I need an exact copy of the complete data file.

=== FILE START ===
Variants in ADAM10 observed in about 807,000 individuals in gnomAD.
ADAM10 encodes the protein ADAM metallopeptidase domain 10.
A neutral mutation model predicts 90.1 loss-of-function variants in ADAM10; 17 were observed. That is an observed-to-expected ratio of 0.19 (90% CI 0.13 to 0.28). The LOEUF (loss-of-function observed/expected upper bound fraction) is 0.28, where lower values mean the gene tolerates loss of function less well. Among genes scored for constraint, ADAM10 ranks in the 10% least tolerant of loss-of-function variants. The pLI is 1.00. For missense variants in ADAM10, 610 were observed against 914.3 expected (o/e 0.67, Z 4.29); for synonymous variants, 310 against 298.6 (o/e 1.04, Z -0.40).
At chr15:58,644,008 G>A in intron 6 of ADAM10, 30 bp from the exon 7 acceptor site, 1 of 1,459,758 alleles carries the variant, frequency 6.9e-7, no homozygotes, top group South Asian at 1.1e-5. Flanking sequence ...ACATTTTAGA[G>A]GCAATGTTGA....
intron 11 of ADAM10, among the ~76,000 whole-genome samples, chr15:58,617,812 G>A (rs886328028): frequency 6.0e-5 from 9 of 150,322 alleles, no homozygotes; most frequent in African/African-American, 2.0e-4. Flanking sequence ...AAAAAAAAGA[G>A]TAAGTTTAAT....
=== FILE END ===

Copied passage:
Variants in ADAM10 observed in about 807,000 individuals in gnomAD.
ADAM10 encodes the protein ADAM metallopeptidase domain 10.
A neutral mutation model predicts 90.1 loss-of-function variants in ADAM10; 17 were observed. That is an observed-to-expected ratio of 0.19 (90% CI 0.13 to 0.28). The LOEUF (loss-of-function observed/expected upper bound fraction) is 0.28, where lower values mean the gene tolerates loss of function less well. Among genes scored for constraint, ADAM10 ranks in the 10% least tolerant of loss-of-function variants. The pLI is 1.00. For missense variants in ADAM10, 610 were observed against 914.3 expected (o/e 0.67, Z 4.29); for synonymous variants, 310 against 298.6 (o/e 1.04, Z -0.40).
At chr15:58,644,008 G>A in intron 6 of ADAM10, 30 bp from the exon 7 acceptor site, 1 of 1,459,758 alleles carries the variant, frequency 6.9e-7, no homozygotes, top group South Asian at 1.1e-5. Flanking sequence ...ACATTTTAGA[G>A]GCAATGTTGA....
intron 11 of ADAM10, among the ~76,000 whole-genome samples, chr15:58,617,812 G>A (rs886328028): frequency 6.0e-5 from 9 of 150,322 alleles, no homozygotes; most frequent in African/African-American, 2.0e-4. Flanking sequence ...AAAAAAAAGA[G>A]TAAGTTTAAT....